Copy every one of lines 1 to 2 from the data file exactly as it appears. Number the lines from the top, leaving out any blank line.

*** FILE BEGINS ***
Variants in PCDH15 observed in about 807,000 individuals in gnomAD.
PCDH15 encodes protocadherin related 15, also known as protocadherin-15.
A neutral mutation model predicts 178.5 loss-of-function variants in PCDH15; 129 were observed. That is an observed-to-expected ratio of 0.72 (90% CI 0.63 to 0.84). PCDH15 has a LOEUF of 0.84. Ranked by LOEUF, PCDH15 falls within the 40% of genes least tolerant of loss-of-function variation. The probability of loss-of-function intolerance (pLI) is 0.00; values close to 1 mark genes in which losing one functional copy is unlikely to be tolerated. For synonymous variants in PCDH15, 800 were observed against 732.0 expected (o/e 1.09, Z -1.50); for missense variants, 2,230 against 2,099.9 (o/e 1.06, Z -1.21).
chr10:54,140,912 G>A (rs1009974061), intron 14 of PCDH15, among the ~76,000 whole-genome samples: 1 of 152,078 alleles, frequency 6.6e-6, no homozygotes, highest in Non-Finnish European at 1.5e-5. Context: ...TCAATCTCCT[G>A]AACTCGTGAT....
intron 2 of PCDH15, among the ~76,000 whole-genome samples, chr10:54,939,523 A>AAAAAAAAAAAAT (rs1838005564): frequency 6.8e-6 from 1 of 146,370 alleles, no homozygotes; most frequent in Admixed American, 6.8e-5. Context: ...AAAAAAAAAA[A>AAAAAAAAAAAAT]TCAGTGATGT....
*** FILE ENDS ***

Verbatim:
Variants in PCDH15 observed in about 807,000 individuals in gnomAD.
PCDH15 encodes protocadherin related 15, also known as protocadherin-15.